While some councillors have been pushing for a zero per cent tax increase for 2017 with a promise of no service cuts, Calgary’s mayor said he wants some more honesty about that idea.
“That’s not true, that can’t be true because that assumes that there’s a bunch of people sitting around not doing any work that we’re paying right now,” he said Tuesday.
On Monday, council will discuss different tax possibilities for next year, ranging from a zero per cent increase to one of $4 a month more per household and Nenshi hopes they will be able to set the tax rate by the end of the day.
Nenshi dismissed the idea that a zero per cent increase would have no effect on services, unlike others on council.
For example, Ward Sutherland said it could be done through efficiencies, union negotiations or taking money from the Green Line LRT project.
While Sutherland has said it could work not only for 2017, but 2018 as well, Nenshi said it’s not that simple.
“You have to be honest about it,” he said. “If you want to use one-time money, then you have to recognize that that one-time money means that you’re going to have a double increase in 2018, coincidentally the year after the election.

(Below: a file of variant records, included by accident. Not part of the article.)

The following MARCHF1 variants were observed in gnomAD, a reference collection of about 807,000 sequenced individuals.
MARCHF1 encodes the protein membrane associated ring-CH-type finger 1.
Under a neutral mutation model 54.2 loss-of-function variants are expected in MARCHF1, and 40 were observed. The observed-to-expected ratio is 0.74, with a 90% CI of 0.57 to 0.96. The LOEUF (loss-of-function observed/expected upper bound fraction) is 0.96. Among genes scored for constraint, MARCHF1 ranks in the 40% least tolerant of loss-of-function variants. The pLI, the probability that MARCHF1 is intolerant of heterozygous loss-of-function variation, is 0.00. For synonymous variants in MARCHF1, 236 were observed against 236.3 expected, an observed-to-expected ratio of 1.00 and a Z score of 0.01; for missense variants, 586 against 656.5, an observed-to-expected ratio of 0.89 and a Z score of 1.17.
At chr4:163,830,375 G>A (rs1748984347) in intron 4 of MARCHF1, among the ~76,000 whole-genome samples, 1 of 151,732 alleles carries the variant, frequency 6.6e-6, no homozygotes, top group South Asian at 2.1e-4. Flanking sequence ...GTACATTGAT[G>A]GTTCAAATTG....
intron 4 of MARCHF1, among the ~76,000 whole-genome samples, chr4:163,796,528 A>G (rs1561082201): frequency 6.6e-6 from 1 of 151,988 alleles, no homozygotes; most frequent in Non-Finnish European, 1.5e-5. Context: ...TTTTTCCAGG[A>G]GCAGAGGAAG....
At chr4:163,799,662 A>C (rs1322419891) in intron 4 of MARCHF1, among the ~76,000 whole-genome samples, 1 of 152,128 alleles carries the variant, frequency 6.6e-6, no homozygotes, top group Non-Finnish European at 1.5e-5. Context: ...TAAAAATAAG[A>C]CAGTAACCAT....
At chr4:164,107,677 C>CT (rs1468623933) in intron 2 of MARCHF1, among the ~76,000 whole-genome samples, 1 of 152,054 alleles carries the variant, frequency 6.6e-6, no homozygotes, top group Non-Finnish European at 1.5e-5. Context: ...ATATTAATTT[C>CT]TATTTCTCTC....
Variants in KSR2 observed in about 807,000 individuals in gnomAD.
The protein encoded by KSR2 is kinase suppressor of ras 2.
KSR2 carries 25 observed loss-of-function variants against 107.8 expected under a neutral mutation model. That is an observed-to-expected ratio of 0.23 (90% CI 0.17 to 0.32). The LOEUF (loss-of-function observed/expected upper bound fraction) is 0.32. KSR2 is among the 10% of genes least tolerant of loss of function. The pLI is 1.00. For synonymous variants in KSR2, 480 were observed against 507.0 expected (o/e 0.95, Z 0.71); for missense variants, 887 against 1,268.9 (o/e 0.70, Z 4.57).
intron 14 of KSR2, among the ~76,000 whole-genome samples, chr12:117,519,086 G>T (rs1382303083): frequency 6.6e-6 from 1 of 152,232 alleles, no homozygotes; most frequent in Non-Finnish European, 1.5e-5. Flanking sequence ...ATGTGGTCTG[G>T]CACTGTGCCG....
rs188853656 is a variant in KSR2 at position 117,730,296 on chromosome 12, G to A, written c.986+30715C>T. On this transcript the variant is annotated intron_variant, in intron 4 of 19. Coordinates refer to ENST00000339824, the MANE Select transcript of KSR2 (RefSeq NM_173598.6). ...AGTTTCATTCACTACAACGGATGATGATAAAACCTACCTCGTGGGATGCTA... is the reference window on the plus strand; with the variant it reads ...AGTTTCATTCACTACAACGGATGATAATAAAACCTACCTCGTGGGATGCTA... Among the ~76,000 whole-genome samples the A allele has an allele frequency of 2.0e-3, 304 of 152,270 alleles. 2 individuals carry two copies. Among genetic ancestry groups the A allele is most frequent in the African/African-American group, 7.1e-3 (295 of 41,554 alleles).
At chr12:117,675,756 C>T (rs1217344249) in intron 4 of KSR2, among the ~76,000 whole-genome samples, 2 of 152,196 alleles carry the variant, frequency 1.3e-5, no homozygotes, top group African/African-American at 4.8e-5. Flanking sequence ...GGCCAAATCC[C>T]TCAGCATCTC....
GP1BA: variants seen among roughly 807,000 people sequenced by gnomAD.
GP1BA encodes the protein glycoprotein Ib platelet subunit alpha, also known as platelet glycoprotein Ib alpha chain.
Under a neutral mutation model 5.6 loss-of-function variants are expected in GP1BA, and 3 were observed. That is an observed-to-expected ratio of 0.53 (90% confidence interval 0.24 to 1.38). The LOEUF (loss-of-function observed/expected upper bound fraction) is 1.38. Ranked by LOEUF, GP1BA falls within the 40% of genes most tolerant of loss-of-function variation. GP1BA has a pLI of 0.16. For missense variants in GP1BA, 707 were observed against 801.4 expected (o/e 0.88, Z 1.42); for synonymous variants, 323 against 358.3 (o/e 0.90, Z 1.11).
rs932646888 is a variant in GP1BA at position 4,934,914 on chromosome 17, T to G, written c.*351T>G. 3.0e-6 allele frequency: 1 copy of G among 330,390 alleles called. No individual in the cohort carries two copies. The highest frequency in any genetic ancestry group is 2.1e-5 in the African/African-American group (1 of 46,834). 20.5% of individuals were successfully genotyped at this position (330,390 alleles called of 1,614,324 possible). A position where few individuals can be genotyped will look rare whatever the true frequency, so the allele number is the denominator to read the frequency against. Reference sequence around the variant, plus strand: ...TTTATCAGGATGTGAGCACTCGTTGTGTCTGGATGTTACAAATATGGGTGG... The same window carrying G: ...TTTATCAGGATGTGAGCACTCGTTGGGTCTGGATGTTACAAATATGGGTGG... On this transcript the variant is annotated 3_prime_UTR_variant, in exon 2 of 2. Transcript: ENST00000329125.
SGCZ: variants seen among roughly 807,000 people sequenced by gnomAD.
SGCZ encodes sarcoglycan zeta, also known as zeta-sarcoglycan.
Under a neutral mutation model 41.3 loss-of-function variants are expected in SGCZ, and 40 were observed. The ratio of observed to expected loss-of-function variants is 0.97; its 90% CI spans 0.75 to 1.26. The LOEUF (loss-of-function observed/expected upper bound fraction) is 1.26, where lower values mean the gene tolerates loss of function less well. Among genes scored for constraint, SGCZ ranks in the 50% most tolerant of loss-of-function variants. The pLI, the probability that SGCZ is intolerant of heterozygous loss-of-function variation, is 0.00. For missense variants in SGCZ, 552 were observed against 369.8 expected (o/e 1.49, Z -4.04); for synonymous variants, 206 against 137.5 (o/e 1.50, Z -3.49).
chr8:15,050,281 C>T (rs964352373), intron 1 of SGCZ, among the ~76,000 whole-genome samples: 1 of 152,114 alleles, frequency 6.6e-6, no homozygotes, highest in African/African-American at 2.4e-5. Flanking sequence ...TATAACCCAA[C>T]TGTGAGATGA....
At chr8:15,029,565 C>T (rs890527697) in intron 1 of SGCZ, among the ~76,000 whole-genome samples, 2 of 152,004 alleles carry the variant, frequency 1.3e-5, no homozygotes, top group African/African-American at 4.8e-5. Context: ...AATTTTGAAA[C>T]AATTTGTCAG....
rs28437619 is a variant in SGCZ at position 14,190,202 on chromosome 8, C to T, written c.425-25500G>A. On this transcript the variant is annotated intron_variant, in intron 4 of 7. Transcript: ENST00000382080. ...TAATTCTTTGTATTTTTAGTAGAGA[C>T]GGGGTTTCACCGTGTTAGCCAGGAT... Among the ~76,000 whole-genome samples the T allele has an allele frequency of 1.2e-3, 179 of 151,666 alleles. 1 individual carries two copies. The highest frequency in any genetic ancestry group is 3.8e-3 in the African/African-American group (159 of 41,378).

“What is not right is to pretend that we are putting in a tax freeze when we’re not and we’re just covering it up with one-time money, because the chickens will come home to roost.”
Nenshi said councillors certainly have the right for zero per cent, as well as using one-time money for a one-time rebate.
“That’s fine, but remember then you have to find money the following year,” he said, adding according to the best data, Calgarians aren’t interested in service cuts.
“When you realize that the maximum amount in the scenario is $4 dollars a month for the average house, the vast, vast majority of people go, ‘that’s a bargain’.”